The decision to give up on the site is the clearest sign to date that, as the U.S.-led military coalition starts to draw down troops amid mounting security concerns, American diplomats are being forced to reassess how to safely keep a viable presence in Afghanistan. The plan for the Mazar-e Sharif consulate, as laid out in a previously undisclosed diplomatic memorandum, is a cautionary tale of wishful thinking, poor planning and the type of stark choices the U.S. government will have to make in coming years as it tries to wind down its role in the war.
In March 2009, Richard C. Holbrooke, who had recently been appointed President Obama’s envoy to Afghanistan and Pakistan, lobbied for the establishment of a consulate in Mazar-e Sharif within 60 days, according to the memo. The city was deemed relatively safe at the time, far removed from Taliban strongholds of the south. A consulate just a short walk from Mazar-e Sharif’s Blue Mosque, one of the country’s most sacred religious sites, was seen as a way to reassure members of the ethnic Tajik and Uzbek minorities that dominate the north that the United States was committed to Afghanistan for the long haul.
“At the time, [Holbrooke] pushed hard to identify property and stand up an interim consulate, on a very tight timeline, to signal our commitment to the Afghan people,” according to the January memo by Martin Kelly, the acting management counselor at the U.S. Embassy in Kabul. Holbrooke died in 2010 of complications from heart surgery.
An embassy spokesman declined to respond to questions about the assessment of the Mazar-e Sharif compound, saying that as a policy matter officials do not discuss leaked documents.
Trouble from the start
Had the Mazar-e Sharif consulate opened this year as planned, it would have been the second of four the U.S. government intends to set up. The United States has a consulate in the western Afghan city of Herat and is assessing options for the three other cities where it intends to keep a permanent diplomatic presence: Kandahar in the south, Jalalabad in the east and Mazar-e Sharif.
The embassy memo says the facility was far from ideal from the start. The compound, which housed a hotel when the Americans took it on, shared a wall with local shopkeepers. The space between the outer perimeter wall and buildings inside — a distance known as “setback” in war zone construction — was not up to U.S. diplomatic standards set by the State Department’s Overseas Security Policy Board. The complex was surrounded by several tall buildings from which an attack could easily be launched.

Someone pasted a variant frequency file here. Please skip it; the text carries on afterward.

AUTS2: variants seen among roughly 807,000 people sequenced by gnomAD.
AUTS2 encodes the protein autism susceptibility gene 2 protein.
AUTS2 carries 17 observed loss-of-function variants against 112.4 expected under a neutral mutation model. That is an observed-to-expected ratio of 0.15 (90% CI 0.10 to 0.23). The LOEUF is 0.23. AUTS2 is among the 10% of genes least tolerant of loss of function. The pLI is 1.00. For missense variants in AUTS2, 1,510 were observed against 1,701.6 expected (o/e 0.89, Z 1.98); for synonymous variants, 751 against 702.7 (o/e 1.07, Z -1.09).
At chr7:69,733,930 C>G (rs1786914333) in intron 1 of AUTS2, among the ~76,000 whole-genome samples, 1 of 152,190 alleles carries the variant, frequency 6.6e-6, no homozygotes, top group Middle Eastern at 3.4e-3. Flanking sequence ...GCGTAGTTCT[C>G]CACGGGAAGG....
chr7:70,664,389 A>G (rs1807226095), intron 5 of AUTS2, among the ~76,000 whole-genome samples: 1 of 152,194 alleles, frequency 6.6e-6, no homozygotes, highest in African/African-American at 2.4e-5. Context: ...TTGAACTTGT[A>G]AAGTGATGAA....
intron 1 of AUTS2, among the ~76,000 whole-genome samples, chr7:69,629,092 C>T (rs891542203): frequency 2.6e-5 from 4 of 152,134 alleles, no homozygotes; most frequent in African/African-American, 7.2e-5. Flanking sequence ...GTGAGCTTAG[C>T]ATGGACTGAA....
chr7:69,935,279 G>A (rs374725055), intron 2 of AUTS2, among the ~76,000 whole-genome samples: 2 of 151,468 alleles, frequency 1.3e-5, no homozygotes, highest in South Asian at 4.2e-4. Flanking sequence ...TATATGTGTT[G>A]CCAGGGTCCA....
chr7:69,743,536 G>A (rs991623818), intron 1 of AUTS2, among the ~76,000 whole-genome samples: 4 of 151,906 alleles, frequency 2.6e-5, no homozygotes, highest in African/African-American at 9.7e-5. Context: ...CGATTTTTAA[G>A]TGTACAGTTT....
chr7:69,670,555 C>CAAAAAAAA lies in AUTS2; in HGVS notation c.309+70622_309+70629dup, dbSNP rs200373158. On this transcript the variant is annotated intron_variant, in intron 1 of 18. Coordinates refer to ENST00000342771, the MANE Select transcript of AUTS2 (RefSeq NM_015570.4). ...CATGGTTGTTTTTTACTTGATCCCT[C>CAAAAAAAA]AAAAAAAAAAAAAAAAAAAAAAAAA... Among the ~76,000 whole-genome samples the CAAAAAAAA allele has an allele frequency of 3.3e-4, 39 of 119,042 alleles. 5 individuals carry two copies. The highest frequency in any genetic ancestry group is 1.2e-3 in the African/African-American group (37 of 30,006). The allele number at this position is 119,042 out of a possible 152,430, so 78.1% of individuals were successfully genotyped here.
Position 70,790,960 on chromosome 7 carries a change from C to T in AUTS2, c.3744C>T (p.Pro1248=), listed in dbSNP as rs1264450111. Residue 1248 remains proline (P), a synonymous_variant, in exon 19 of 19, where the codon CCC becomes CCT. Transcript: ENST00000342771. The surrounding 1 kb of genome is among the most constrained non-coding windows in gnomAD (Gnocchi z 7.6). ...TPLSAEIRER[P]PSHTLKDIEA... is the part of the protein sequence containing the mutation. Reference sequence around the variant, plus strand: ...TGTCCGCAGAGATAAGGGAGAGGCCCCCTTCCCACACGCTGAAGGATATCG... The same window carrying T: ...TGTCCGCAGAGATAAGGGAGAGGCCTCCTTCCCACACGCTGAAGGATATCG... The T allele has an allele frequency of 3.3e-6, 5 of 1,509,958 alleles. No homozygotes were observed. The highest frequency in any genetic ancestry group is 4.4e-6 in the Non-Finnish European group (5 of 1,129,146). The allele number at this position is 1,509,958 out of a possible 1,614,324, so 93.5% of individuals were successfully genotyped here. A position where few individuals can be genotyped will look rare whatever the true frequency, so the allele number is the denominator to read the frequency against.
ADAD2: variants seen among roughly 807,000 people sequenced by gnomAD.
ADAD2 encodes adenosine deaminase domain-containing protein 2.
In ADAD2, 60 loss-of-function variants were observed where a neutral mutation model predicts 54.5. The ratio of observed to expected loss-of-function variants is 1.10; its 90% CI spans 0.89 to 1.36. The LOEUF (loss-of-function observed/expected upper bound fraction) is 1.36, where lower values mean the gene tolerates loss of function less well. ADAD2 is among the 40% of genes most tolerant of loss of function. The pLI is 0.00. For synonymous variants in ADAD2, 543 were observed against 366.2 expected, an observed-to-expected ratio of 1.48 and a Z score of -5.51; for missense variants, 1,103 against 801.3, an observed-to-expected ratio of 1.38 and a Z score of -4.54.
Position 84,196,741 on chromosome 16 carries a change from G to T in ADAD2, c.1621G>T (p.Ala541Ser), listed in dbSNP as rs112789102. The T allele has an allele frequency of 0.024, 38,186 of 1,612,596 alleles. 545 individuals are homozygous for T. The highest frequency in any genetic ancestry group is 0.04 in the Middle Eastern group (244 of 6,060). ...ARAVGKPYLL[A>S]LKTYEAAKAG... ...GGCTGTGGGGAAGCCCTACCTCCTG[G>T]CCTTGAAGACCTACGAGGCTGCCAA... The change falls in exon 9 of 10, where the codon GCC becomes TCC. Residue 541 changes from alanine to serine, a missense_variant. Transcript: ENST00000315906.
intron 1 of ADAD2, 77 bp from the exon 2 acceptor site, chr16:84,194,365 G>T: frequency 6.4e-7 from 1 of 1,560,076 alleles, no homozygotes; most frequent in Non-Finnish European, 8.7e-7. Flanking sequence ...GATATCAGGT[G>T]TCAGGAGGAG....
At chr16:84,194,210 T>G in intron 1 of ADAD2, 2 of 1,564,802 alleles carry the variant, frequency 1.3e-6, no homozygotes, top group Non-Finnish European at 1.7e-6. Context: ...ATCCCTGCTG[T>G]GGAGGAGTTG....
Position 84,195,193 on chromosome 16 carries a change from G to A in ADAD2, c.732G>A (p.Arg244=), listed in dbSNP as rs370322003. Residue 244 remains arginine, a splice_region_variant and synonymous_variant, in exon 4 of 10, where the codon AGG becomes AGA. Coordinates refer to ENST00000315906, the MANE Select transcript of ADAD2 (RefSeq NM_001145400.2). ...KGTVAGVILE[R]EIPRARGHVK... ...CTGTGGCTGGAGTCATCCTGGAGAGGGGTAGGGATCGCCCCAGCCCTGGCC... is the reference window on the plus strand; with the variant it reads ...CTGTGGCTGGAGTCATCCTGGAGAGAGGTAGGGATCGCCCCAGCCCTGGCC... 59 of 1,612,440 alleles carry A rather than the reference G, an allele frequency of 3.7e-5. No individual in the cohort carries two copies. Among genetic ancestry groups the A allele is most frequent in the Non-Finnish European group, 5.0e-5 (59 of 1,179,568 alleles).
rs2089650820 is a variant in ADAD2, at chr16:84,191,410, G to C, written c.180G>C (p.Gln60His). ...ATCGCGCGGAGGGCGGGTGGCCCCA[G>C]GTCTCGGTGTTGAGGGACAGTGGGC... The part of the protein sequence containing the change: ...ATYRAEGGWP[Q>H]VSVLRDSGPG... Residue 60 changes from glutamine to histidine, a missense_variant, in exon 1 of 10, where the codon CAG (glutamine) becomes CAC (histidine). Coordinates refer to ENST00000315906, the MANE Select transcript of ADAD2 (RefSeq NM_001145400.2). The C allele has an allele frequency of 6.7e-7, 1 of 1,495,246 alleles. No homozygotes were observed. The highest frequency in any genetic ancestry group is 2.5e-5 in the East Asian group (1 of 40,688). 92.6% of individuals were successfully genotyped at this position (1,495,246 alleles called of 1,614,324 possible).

“The Department nonetheless granted exceptions to standards to move forward quickly, establish an interim presence and raise the flag,” Kelly wrote.
Among the corners cut in the interest of expediency, the memo says, was failing to assess how well the facility could withstand a car bombing, a task normally carried out by the department’s Bureau of Overseas Building Operations. After Ambassador Ryan C. Crocker arrived in Kabul in July, officials asked the bureau to conduct a blast assessment.
“We believe the survey will show that a [car bomb] would cause catastrophic failure of the building in light of the local construction techniques and materials,” Kelly wrote.
The structure’s outer perimeter wall is composed of sun-dried bricks made from mud, straw and manure, and the contractor used untreated timber for the roof, the memo says.
A chain of security incidents has prevented U.S. officials from moving into the facility, which was scheduled to be ready for occupancy last month. Most notable was the April 2011 attack on the United Nations compound, which is close to the would-be U.S. consulate. A mob enraged by the burning of Korans by a fringe American pastor stormed into the compound after Friday prayers and killed three European U.N. workers and four of their Nepalese guards.
Susceptible to attack
There were other reasons for concern. In August, according to the memo, Afghan security forces uncovered a “sophisticated surveillance operation against the consulate, including information about plans to breach the consulate site.” In December, four people were killed in a bombing at the Blue Mosque, less than an eighth of a mile from the prospective consulate.
The attacks and threats, Kelly wrote, “are symptomatic of a real, measurable uptick in the threat stream.” The hours-long attack in September on the U.S. Embassy in Kabul from a nearby building under construction renewed concerns about the vulnerabilities of the Mazar-e Sharif site.
“The entire compound is surrounded by buildings with overwatch and there is almost no space on the compound that cannot be watched, or fired upon, from an elevated position outside the compound,” Kelly wrote.
Responding effectively to an emergency at the consulate would be next to impossible, Kelly noted, because the facility does not have space for a Black Hawk helicopter to land. It would take a military emergency response team 11
2 to 2 hours to reach the site “under good conditions,” he said.
In December, embassy officials began exploring alternative short-term sites for their diplomatic staff in northern Afghanistan. A Western diplomat familiar with the situation said the United States has sought, so far in vain, to persuade the German and Swedish governments to sublet it. The diplomat, who spoke on the condition of anonymity because he was not authorized to speak about the matter, said European diplomats have found the prospect laughable.